By Jace Frederick – Twin Cities Pioneer Press
Adam Vay received a confidence lift at the world championships in Russia in May.
Vay and the Hungarian national team fell 5-1 to the United States in the group stage, but the margin of defeat would have been worse if not for Vay’s 32 saves.
After the game, as the two teams went through the handshake line, Vay piled up the compliments.
“A couple guys when we shook hands they said ‘Good job, you did a good job,’ ” said Vay, who made his development camp debut on Monday at Xcel Energy Center. “It was a good boost for me and my ego.”And his professional stock.
While Hungary won just one game at the world championship, Vay stopped 91 of the 100 shots he saw in the tournament — including a 45-save performance against Finland, who went on to win the silver.
That caught the attention of several NHL teams, including the Wild. The only problem for Minnesota, assistant general manager Brent Flahr said, was Vay didn’t even have an agent for the Wild to contact.
But by that point, agents were fighting over the chance to represent Vay. One of Minnesota’s goalie consultants knew the Hungarian coach, so the Wild were finally able to reach Vay, and he was immediately intrigued by the opportunity to potentially see NHL playing time.
“Minnesota was the best opportunity for everything,” Vay said. “So I said the first time ‘OK, yes.’ ”Vay signed with the Wild on May 18.
Vay touched on the disparity of play between Hungary and the rest of the teams at the world championships. Hungary isn’t a hockey hot bed. A few Hungarians have been drafted, but no players from Hungary have ever skated for an NHL team.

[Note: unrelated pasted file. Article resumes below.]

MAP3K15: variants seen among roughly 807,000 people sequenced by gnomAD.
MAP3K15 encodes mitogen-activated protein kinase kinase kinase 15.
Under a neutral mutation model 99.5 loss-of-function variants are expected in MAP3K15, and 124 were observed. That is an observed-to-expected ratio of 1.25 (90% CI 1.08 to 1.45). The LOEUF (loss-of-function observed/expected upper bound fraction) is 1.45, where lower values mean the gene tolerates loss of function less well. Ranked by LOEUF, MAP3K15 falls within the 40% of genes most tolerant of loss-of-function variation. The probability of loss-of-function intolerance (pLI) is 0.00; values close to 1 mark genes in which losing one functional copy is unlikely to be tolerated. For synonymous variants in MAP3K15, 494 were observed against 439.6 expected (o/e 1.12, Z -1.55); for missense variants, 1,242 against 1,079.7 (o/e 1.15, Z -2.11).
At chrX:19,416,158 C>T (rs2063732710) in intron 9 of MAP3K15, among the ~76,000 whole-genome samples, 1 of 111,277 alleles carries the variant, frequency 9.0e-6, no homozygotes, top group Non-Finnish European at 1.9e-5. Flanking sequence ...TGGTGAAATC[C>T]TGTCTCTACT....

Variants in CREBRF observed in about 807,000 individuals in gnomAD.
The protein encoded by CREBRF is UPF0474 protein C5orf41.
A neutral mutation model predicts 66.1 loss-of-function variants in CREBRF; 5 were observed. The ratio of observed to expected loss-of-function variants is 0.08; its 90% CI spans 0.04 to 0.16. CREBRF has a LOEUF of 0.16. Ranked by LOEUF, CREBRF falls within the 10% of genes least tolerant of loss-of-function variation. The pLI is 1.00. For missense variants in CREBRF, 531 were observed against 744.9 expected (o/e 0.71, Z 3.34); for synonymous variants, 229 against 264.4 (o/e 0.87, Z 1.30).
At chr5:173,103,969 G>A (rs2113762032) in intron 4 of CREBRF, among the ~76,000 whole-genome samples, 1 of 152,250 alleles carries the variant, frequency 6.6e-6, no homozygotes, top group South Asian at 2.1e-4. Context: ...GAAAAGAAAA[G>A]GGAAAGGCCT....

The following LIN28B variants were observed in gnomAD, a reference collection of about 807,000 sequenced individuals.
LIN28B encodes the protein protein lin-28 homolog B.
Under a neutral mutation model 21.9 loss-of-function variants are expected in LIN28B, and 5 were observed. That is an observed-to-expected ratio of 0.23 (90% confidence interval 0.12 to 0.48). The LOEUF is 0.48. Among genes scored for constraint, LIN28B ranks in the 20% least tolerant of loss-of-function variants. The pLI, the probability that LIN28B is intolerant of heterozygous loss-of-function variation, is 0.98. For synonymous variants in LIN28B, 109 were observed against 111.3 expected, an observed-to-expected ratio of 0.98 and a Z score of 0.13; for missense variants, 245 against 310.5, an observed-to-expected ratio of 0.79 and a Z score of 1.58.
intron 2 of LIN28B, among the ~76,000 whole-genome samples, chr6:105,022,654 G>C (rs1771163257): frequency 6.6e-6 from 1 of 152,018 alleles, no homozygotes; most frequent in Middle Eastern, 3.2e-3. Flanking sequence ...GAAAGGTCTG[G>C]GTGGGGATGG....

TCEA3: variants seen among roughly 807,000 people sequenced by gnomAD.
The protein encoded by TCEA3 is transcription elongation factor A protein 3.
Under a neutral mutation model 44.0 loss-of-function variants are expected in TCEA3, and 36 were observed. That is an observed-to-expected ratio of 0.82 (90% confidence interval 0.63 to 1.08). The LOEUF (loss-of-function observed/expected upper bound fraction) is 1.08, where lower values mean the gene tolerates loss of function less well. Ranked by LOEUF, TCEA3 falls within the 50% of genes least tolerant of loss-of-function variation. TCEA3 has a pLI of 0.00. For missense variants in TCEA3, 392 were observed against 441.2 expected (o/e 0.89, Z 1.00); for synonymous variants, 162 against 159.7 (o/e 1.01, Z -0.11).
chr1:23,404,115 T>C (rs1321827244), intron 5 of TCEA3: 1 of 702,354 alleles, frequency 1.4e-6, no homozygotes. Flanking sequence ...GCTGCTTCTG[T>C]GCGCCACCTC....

Vay could be the first.
“I always loved the NHL, and that was my dream,” he said, “to play in the NHL.”
Vay, who moved to Slovakia for six years when he was 10, said people in Hungary laughed at him when he’d state his mission. Now he has believers, for good reason.
Flahr said the 22-year-old goaltender has “terrific” athleticism, is in great shape and is highly competitive.
Oh, and he’s big, too. The roster lists him at 6 feet 5, 228 pounds. Vay looks like an NHL goaltender.“You can’t teach the athleticism that he has and the size that he has,” Flahr said.
Still, there will likely be an adjustment period for Vay. Flahr said it’ll be important for Vay to see plenty of ice time early on, mentioning the difference in the North American rink size and playing with traffic in front of the net as potential challenges. That might mean playing for Iowa in the American Hockey League would be a better fit initially.
“I think there’s things that our goaltending group is going to help him with and quiet down his play a little bit and be more efficient,” Flahr said. “Our scouts that were (in Russia) felt that he was worth the investment, and a guy that we could work with and hopefully help out and be able to get here one day.”
If Vay does that, it’ll be a historic Hungarian achievement.
“I’ll do my best,” Vay said. “If I’m that good and I play in the NHL, then I’ll just be happy.”